Promised by President Chirac during the 2002 campaign for the Presidential elections, the Environmental Charter has become the third branch of the French 1958 Constitution. It has been incorporated alongside the 1789 Declaration of the Rights of Man and of the Citizen and the Declaration of Economic and Social Rights in the Preamble of the 1946 Constitution.
France is bound at international and European levels by a number of conventions and treaties in favour of sustainable development and French environmental law is well developed. Yet, at that time, there was still a common perception that the establishment of superior constitutional fundamental principles was lacking.
The Environmental Charter was primarily adopted in order to:
- respond to and address the concerns of the French civil society;
- bring French law in line with foreign models of ‘constitutionalisation’ of environmental protection;
- address the insufficiencies of French environmental law, notably with regard to the place held by environmental principles in the hierarchy of French legal norms; and
- give constitutional force to environmental protection as a human right.
Since its adoption by both Houses of Parliament, everyone living in France “…has the right to live in an environment which is balanced and respectful of health” (Article 1). Such right is not a statutory right but a right that has been attached to the 1958 Constitution. It has thus been given equal status and force to the set of rights contained in the 1789 Declaration of the Rights of Man and of the Citizen and in the Preamble to the 1946 Constitution. These were incorporated into the so-called “bloc de constitutionalité” (the block of constitutional provisions) by the Constitutional Court in the early 1970s.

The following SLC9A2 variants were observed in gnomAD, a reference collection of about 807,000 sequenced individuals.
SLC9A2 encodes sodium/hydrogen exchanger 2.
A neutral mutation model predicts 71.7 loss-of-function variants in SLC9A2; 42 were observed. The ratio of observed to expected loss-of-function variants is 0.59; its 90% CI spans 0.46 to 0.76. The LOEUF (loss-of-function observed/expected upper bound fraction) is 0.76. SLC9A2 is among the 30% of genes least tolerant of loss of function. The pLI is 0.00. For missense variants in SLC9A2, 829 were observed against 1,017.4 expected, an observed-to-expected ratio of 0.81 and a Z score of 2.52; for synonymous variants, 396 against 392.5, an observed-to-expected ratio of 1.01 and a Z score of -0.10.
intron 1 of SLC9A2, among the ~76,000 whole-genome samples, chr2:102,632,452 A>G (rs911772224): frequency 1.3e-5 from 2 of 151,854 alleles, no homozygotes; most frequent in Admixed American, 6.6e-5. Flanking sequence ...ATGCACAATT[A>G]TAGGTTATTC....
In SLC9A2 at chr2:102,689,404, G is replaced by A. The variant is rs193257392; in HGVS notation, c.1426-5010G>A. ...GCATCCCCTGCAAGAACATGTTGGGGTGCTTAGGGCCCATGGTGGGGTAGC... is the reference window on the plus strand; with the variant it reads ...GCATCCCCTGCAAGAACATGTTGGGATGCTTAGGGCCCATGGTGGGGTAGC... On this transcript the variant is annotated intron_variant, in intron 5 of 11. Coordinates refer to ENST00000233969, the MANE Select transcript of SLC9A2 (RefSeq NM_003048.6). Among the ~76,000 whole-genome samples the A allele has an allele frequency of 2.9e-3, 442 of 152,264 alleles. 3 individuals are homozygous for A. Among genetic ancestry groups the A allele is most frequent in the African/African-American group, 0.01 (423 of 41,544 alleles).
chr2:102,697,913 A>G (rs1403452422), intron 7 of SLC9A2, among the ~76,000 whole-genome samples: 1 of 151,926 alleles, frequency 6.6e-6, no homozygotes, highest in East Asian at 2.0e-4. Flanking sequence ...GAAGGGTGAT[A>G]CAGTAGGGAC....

The Charter provisions are protected, interpreted and enforced by the Constitutional Court as well as the administrative and ordinary courts. It applies to all persons, natural and legal, private and public, and can be used as an instrument for interpretation of all international environmental treaties and conventions signed by France.
This paper examines the process of the ‘constitutionalisation’ of the Charter and discusses its content.
Dadomo, C. (2017). The "constitutionalisation" of French environmental law under the 2004 Environmental Charter. In E. Daly, L. Kotze, J. May, & C. Soyapi (Eds.), New Frontiers in Environmental Constitutionalism, 146-159. UNEP